125 Years of Vogue
The exquisite gallery that is the collection of past covers of Vogue shows a willed evolution from fashion in the studio to the fashion of everyday life.
Behind every style is a pattern. For Vogue, the grid is flexible yet continuously fashionable.
Vogue utilizes a simple 2-column grid for most of their layouts. There are several rules that apply to every issue throughout the magazine's publication.
The VOGUE logomark is always in the same place for every issue. The kerning and size of type are identical for every issue.
The logomark will appear behind the covergirl's head if her eyes are placed higher than the baseline of the logomark.
No text may have a type size greater than the size of the type in the logomark.
The size of the text for the covergirl's name or the issue's subject is highest in hierarchy excluding the logomark. In some cases, numbers are emboldened or enlarged challenging the hierarchy of the logomark, but this is rare.
The logomark's color is always coordinated with the cover image. The logomark's color will typically contrast well with the image for legibility while still complimenting the overall palette.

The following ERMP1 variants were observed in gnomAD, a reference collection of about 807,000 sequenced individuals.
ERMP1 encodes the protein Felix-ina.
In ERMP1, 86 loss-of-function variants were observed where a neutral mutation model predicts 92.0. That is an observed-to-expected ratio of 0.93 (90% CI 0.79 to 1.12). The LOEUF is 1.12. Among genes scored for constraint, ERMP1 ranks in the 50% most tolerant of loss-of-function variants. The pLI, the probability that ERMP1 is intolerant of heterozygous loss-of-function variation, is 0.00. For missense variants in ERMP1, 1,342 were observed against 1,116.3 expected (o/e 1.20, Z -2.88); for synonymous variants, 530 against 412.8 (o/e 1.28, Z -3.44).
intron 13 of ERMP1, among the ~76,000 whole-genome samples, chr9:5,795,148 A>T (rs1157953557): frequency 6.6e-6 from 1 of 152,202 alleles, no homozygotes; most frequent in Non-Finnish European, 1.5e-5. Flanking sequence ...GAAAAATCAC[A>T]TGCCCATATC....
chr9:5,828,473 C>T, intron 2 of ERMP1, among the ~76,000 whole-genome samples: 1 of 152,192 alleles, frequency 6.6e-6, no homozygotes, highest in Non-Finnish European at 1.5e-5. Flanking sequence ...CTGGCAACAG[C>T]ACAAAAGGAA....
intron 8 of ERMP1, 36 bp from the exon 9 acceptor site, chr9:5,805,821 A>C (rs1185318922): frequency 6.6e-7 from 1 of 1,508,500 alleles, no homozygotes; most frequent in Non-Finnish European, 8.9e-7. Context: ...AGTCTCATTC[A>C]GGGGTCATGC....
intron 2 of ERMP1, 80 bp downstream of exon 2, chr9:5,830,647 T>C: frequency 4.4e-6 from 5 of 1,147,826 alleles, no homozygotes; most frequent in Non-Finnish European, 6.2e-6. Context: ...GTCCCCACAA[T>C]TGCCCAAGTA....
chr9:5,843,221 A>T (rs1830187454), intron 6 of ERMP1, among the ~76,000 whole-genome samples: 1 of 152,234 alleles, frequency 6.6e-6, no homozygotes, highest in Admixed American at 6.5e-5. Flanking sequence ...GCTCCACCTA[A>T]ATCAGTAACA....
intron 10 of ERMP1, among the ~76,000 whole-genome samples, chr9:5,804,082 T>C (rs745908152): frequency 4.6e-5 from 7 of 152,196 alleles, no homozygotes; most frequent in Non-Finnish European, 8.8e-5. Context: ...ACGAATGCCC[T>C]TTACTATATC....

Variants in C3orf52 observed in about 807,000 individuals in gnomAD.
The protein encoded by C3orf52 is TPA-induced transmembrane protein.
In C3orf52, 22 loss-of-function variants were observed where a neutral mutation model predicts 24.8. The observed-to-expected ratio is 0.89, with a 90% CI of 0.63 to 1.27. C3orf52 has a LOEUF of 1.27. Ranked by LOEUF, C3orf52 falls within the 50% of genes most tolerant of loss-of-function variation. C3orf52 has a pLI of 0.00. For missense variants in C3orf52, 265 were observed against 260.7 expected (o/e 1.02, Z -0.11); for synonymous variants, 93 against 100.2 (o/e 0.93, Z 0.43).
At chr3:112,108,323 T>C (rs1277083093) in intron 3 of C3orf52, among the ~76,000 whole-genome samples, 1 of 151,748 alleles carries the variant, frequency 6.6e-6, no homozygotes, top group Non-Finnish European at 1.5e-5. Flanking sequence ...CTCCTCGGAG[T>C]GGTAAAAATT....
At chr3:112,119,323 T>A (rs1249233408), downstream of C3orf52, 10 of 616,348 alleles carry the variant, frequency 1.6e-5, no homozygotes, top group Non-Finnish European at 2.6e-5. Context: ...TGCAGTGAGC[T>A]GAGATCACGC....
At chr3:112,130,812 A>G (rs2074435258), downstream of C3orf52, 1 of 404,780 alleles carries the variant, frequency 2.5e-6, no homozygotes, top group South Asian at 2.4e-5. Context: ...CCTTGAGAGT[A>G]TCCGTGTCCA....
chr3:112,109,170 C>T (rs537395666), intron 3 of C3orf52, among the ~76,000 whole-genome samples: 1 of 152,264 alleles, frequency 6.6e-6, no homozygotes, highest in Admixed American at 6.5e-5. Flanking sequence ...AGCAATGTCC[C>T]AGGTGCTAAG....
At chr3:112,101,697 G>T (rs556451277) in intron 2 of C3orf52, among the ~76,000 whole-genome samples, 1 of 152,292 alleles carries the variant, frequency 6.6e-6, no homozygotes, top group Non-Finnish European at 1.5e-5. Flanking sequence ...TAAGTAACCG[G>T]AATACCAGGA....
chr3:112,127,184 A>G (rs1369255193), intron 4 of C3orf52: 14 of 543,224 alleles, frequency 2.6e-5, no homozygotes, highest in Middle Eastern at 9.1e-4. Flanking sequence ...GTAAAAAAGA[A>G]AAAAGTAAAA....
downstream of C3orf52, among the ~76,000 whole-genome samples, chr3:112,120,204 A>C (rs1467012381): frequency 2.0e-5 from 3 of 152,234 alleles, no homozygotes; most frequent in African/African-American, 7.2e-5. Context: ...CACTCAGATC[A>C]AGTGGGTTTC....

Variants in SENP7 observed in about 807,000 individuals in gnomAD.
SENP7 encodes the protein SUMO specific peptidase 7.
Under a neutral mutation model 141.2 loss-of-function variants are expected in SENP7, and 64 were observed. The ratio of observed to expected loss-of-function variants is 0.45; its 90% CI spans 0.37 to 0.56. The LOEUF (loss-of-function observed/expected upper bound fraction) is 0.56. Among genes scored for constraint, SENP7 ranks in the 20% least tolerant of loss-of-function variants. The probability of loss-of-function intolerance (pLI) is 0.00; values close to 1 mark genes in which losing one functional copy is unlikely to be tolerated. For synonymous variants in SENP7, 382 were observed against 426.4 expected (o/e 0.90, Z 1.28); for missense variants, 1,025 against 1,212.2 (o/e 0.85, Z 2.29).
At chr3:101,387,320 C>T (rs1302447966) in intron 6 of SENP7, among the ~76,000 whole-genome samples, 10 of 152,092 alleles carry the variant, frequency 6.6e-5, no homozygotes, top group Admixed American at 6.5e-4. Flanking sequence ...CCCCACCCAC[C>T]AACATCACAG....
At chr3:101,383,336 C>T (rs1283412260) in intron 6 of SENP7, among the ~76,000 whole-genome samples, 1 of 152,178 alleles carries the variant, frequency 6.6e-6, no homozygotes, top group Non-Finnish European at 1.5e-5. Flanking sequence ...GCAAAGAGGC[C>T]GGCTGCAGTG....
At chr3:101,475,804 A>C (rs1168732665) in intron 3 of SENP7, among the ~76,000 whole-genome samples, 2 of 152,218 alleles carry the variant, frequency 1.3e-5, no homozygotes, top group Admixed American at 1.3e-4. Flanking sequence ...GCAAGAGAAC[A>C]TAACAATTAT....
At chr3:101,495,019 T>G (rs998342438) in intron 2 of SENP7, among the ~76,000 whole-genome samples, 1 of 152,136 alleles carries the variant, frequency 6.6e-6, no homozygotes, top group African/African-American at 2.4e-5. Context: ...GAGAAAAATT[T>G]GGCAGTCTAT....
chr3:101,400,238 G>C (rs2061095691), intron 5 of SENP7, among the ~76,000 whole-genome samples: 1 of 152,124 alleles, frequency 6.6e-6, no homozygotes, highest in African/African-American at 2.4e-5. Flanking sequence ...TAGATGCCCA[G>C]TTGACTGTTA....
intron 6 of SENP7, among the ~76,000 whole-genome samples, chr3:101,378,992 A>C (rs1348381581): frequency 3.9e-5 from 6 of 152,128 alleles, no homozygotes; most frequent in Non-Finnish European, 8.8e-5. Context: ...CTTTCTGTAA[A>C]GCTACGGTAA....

In the two-column layout (left), there is typically a higher density of headers and more article topics are featured when compared to the central-column layout.
A second layout that VOGUE utilizes is the central column layout. There are several rules that apply to every issue throughout .
The central-column layout is typically used when a ultra-famous covergirl is being featured. When this is the case, only 2-5 article topics are featured on the magazine's cover and the issue subject or covergirl's name are placed in very large lettering in the central column.
The central-column layout is typically used when the the standalone image has a powerful impact on the reader.
By using the existing grid for Vogue magazine, new covers can be quickly generated each month.
The new covers for Vogue magazine adhere to the truly simple grid behind Vogue.
On Vogue covers, the image is the most important object and text wraps around the focus subject of the image. In order to represent this rule, the single left/right column wraps around the subject's body form.
The central column makes sure the persons name has the highest hierarchy under the logomark. This cover ensures the the subject of the image and the subject of the issue have the greatest authority in terms of type, and the layout retains the original left/right/central column grid.
Translating the 2-D cover grid to a 3-D object.
The column grids are translated to both the sleeve and the headset.
On the sleeve, the underlying grid is the central column layout where the cover subject is dipsplayed says "Wearable" where the cover subject or covergirl's name would appear. The text here gives no nod to the form of the covergirl in the same way the the magazine cover does.
On the wearable, the right column wraps around the form of the covergirl, similar to the production cover. Additionally, the text in the right column is lower on the hierarchy than the central column.